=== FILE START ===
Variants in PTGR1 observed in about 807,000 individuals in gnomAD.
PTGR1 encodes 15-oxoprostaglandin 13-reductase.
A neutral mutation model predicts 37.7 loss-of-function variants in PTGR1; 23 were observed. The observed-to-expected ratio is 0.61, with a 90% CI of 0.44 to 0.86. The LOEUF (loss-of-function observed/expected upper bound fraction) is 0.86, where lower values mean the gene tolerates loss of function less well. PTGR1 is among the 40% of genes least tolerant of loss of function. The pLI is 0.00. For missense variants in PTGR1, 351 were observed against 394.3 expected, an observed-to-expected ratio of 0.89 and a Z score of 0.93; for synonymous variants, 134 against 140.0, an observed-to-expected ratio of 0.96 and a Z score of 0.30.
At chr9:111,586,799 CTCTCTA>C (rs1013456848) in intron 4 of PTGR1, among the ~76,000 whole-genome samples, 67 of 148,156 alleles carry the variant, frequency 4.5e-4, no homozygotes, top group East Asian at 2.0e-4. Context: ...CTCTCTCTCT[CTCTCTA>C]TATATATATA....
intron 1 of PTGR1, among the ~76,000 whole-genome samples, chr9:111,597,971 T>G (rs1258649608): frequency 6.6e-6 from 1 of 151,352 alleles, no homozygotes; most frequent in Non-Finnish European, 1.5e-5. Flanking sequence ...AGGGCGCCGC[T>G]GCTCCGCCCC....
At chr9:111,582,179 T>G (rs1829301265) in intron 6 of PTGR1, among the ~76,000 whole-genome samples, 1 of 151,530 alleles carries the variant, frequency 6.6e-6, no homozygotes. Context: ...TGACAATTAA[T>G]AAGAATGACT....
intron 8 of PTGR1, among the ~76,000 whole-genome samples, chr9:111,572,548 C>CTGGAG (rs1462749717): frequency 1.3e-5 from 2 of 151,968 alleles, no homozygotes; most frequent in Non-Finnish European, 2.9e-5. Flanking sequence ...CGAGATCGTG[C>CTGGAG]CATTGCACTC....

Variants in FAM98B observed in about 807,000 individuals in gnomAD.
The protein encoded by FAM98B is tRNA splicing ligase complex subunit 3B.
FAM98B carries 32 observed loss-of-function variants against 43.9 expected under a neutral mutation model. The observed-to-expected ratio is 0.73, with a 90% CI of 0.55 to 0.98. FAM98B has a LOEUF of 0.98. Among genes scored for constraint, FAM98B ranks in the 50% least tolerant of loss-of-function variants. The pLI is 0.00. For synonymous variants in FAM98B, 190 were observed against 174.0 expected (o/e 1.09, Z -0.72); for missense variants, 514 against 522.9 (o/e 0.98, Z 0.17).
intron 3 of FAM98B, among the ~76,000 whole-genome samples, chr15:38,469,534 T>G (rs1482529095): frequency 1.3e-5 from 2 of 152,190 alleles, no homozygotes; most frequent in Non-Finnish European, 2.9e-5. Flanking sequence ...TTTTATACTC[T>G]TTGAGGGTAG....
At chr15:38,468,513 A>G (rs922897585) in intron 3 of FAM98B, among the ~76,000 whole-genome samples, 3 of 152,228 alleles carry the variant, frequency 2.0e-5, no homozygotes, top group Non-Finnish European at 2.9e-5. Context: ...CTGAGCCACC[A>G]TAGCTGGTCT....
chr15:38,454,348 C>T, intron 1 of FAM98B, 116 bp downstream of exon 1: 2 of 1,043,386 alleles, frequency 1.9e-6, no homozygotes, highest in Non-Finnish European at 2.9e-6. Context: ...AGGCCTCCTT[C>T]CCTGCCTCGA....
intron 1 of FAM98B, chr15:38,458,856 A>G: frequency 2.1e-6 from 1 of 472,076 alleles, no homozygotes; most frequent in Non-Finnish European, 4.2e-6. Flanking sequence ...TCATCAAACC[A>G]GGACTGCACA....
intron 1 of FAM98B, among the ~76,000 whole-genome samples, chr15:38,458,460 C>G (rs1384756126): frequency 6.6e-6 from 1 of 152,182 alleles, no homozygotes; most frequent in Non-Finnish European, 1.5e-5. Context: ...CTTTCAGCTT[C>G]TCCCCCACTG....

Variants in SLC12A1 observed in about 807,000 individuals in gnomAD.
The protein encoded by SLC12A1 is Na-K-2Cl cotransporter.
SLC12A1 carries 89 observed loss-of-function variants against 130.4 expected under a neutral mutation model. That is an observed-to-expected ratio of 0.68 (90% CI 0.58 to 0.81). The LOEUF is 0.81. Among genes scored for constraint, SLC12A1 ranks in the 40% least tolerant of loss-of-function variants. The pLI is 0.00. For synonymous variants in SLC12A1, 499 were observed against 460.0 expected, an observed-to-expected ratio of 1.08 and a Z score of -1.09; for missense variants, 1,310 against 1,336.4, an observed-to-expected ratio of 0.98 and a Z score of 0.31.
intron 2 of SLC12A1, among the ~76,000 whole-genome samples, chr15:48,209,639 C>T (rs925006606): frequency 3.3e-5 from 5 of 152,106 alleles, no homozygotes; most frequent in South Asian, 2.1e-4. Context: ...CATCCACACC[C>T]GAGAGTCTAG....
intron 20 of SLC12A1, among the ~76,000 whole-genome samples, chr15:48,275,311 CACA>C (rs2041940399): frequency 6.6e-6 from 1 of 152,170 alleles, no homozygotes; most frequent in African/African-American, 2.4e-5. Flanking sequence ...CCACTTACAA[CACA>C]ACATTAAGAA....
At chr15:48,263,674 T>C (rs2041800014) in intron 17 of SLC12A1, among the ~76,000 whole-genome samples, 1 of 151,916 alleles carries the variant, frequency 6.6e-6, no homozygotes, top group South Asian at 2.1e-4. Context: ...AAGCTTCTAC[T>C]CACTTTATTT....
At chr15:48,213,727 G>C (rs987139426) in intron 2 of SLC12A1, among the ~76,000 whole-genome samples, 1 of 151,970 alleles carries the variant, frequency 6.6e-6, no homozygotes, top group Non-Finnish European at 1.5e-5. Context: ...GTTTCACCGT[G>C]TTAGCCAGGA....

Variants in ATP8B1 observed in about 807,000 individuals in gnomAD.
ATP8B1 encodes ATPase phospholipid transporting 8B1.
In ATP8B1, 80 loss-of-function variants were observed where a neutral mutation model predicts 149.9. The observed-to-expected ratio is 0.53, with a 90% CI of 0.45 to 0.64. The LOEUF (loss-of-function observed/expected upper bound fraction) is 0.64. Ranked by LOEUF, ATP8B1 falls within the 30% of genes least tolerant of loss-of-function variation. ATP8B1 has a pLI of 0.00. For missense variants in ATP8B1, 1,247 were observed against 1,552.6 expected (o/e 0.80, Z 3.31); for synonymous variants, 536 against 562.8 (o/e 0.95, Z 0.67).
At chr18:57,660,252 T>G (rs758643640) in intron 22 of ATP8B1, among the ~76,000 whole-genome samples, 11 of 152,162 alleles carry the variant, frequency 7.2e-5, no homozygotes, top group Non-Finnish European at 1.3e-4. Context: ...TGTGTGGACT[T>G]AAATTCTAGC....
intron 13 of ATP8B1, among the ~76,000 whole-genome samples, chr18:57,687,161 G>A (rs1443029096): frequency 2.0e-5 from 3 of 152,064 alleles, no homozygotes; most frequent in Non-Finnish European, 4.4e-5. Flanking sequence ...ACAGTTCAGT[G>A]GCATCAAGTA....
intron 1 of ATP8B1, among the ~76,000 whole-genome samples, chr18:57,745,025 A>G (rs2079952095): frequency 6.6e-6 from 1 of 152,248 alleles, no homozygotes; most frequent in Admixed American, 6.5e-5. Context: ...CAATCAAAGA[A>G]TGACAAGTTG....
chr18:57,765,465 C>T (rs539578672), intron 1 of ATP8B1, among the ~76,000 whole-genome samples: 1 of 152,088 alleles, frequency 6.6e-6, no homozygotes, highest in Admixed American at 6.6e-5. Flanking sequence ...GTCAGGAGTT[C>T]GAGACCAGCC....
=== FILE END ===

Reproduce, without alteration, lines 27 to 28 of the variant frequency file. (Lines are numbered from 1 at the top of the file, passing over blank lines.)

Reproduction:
intron 13 of ATP8B1, among the ~76,000 whole-genome samples, chr18:57,687,161 G>A (rs1443029096): frequency 2.0e-5 from 3 of 152,064 alleles, no homozygotes; most frequent in Non-Finnish European, 4.4e-5. Flanking sequence ...ACAGTTCAGT[G>A]GCATCAAGTA....
intron 1 of ATP8B1, among the ~76,000 whole-genome samples, chr18:57,745,025 A>G (rs2079952095): frequency 6.6e-6 from 1 of 152,248 alleles, no homozygotes; most frequent in Admixed American, 6.5e-5. Context: ...CAATCAAAGA[A>G]TGACAAGTTG....